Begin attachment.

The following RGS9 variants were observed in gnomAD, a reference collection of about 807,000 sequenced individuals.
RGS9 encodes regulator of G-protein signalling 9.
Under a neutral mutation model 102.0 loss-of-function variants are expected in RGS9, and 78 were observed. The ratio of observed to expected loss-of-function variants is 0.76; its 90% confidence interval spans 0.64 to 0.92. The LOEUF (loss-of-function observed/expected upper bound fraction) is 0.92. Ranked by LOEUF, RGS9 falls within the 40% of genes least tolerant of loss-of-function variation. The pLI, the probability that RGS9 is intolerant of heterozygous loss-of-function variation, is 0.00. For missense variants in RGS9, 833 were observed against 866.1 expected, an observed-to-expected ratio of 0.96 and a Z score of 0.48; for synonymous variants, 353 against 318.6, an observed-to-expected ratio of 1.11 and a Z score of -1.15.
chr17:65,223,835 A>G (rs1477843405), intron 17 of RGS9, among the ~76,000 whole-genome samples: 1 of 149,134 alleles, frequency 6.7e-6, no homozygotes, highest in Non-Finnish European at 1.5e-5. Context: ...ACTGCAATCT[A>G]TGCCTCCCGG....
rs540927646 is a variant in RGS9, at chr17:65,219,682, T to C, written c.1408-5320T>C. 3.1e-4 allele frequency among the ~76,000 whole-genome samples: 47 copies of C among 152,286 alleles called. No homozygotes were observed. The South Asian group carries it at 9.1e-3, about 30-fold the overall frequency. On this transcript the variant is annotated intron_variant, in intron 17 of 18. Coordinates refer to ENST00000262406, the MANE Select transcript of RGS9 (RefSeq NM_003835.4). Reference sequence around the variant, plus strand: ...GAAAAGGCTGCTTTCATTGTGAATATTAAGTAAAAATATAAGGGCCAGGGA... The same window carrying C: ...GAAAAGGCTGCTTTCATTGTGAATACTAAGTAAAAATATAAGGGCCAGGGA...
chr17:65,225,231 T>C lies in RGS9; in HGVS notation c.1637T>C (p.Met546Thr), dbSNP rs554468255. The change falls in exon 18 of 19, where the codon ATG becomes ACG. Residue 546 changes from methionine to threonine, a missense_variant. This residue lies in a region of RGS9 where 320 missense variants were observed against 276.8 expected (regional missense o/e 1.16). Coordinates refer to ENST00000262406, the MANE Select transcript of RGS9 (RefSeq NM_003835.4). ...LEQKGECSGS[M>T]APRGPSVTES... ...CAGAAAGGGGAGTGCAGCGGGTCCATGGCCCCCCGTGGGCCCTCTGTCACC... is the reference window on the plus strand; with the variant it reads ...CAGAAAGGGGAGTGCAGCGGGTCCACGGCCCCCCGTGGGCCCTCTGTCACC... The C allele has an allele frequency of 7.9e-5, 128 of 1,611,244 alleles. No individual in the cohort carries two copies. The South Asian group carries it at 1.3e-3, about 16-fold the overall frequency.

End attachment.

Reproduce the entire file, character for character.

The following RGS9 variants were observed in gnomAD, a reference collection of about 807,000 sequenced individuals.
RGS9 encodes regulator of G-protein signalling 9.
Under a neutral mutation model 102.0 loss-of-function variants are expected in RGS9, and 78 were observed. The ratio of observed to expected loss-of-function variants is 0.76; its 90% confidence interval spans 0.64 to 0.92. The LOEUF (loss-of-function observed/expected upper bound fraction) is 0.92. Ranked by LOEUF, RGS9 falls within the 40% of genes least tolerant of loss-of-function variation. The pLI, the probability that RGS9 is intolerant of heterozygous loss-of-function variation, is 0.00. For missense variants in RGS9, 833 were observed against 866.1 expected, an observed-to-expected ratio of 0.96 and a Z score of 0.48; for synonymous variants, 353 against 318.6, an observed-to-expected ratio of 1.11 and a Z score of -1.15.
chr17:65,223,835 A>G (rs1477843405), intron 17 of RGS9, among the ~76,000 whole-genome samples: 1 of 149,134 alleles, frequency 6.7e-6, no homozygotes, highest in Non-Finnish European at 1.5e-5. Context: ...ACTGCAATCT[A>G]TGCCTCCCGG....
rs540927646 is a variant in RGS9, at chr17:65,219,682, T to C, written c.1408-5320T>C. 3.1e-4 allele frequency among the ~76,000 whole-genome samples: 47 copies of C among 152,286 alleles called. No homozygotes were observed. The South Asian group carries it at 9.1e-3, about 30-fold the overall frequency. On this transcript the variant is annotated intron_variant, in intron 17 of 18. Coordinates refer to ENST00000262406, the MANE Select transcript of RGS9 (RefSeq NM_003835.4). Reference sequence around the variant, plus strand: ...GAAAAGGCTGCTTTCATTGTGAATATTAAGTAAAAATATAAGGGCCAGGGA... The same window carrying C: ...GAAAAGGCTGCTTTCATTGTGAATACTAAGTAAAAATATAAGGGCCAGGGA...
chr17:65,225,231 T>C lies in RGS9; in HGVS notation c.1637T>C (p.Met546Thr), dbSNP rs554468255. The change falls in exon 18 of 19, where the codon ATG becomes ACG. Residue 546 changes from methionine to threonine, a missense_variant. This residue lies in a region of RGS9 where 320 missense variants were observed against 276.8 expected (regional missense o/e 1.16). Coordinates refer to ENST00000262406, the MANE Select transcript of RGS9 (RefSeq NM_003835.4). ...LEQKGECSGS[M>T]APRGPSVTES... ...CAGAAAGGGGAGTGCAGCGGGTCCATGGCCCCCCGTGGGCCCTCTGTCACC... is the reference window on the plus strand; with the variant it reads ...CAGAAAGGGGAGTGCAGCGGGTCCACGGCCCCCCGTGGGCCCTCTGTCACC... The C allele has an allele frequency of 7.9e-5, 128 of 1,611,244 alleles. No individual in the cohort carries two copies. The South Asian group carries it at 1.3e-3, about 16-fold the overall frequency.